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Holt Hill in Andover has long been a popular place to walk dogs and take children on nature walks. But now it’s part of a network of trails that form a C-shape around Boston, connecting the north shore to the south.

“I’ve heard people call this the Bay Secret Trail," says Heather Clish, director of conservation and recreation policy at the Appalachian Mountain Club, or AMC. She’s walking with her son along the trail. “One of the things that we hope to do is to introduce people to the fabulous resource that it is here, really close to where a lot of people live. You don’t need to drive 3 hours to get out here in the woods, on a hill, on a view. It’s something that people in all of Eastern Massachusetts and even Southern New Hampshire and Rhode Island can get to so easily and enjoy it for an afternoon.”

The Bay Circuit trail will soon connect 57 Boston-area communities, and stretches from Plum Island and Ipswich to the Duxbury/Kingston shore. It passes Walden Pond in Concord and Tippling Rock in Sudbury, one of the highest points in Eastern Massachusetts. But the AMC’s involvement came after a long volunteer effort initiated by Andover resident, Al French. For decades, French owned a popular local outdoor equipment store and had a strong interest in the Boston area’s greenway concept.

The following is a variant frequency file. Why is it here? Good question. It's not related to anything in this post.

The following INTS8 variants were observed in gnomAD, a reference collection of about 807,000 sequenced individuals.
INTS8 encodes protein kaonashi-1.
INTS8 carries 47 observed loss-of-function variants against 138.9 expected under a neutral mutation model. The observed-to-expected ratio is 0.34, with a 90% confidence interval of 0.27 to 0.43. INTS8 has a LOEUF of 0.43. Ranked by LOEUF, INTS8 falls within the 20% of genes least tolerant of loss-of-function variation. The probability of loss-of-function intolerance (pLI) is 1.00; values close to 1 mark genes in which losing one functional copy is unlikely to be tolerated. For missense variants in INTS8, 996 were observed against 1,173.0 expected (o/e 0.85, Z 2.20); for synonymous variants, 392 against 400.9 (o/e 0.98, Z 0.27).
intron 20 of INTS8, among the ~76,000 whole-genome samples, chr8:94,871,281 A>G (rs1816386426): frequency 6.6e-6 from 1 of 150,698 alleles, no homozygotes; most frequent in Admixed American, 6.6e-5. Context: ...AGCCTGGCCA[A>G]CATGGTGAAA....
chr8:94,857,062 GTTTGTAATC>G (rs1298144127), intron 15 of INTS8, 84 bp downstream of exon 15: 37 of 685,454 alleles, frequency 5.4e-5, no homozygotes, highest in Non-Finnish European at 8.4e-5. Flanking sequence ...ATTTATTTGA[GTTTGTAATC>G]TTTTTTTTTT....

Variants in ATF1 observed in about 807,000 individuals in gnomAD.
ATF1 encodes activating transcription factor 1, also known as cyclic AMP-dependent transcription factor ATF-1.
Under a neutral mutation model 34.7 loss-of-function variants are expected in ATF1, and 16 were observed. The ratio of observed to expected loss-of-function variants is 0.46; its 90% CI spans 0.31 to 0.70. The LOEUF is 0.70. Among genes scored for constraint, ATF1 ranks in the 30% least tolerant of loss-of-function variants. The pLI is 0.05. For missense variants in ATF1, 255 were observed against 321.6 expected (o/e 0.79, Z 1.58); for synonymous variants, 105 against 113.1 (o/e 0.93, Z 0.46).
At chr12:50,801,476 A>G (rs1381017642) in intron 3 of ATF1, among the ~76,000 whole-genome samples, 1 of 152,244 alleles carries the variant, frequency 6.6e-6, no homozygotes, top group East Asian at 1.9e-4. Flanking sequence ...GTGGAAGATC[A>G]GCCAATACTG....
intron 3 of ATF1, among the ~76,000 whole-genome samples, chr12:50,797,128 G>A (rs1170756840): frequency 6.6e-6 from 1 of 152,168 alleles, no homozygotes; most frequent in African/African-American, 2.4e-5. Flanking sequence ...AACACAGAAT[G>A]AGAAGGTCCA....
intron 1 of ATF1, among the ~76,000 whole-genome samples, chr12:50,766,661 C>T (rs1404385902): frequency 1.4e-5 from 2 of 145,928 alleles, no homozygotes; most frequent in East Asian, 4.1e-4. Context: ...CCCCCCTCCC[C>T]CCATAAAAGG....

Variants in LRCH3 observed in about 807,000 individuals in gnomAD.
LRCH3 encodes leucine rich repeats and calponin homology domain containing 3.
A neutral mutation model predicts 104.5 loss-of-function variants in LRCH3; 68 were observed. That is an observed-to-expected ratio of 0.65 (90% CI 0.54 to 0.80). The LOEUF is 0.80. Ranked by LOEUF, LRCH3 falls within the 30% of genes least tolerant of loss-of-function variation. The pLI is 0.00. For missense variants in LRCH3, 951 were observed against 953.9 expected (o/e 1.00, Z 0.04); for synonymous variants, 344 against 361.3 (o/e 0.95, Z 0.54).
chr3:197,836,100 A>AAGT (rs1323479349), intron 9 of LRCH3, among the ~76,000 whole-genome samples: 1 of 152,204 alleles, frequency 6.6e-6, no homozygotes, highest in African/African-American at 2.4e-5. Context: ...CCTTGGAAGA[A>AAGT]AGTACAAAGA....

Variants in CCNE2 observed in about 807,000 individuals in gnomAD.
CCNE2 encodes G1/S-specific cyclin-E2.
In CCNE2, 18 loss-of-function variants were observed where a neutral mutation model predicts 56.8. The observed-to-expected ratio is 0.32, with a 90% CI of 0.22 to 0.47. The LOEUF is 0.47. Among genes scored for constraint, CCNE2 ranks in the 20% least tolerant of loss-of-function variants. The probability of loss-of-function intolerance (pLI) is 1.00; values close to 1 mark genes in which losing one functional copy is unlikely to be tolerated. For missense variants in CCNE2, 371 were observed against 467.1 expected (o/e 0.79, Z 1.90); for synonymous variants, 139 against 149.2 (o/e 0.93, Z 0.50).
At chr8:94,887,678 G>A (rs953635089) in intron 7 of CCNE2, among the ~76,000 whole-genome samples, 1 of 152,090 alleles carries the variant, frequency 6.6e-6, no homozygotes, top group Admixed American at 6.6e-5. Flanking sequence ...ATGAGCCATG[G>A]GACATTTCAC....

“I’m probably put down as an obsessive trails person," French admits. "We called the area south of Boston ‘terra incognita’ because we really didn’t know where we were going. But it had the function of bringing people out of the woodwork. You kind of beat the bushes and people showed up.”

That was June of 1990. After years of treks and route plotting, French and several other volunteers, collectively called the Bay Circuit Alliance, convinced conservation groups and some private landowners to allow pedestrian crossing.

“Very little of the trail is on homeowners. But a lot of it is on what we call private conservation groups,” French explains. “There are many of them and many of them are members of the Bay Circuit Alliance as organizations. But there’s a private corporation, like the largest railroad company. The trail isn’t there yet, that’s one of our projects.”

There are still about 20 miles, out of 200, that are still being negotiated. And now that French has retired, the AMC and Trustees of Reservations are stepping in to create a paid position — someone who will see the trail through to completion, then oversee its maintenance. Because most of it is finished, the Bay Circuit Trail has been mapped with information on which sections allow biking and skiing, and which are strictly foot traffic.

“You’ll see the system which tells you that the Bay Circuit Trail turns left," French says. "It’s the same system that the Appalachian Trail, that you’re familiar with. Rather than reinvent the wheel we’ve adopted their system of directional markers. Do you see that tree over there? That’s our logo and we like to combine the directional markers with the logo.”

The logo is blue and green — hard to miss in the woods this time of year — and spells out Bay Circuit Trail.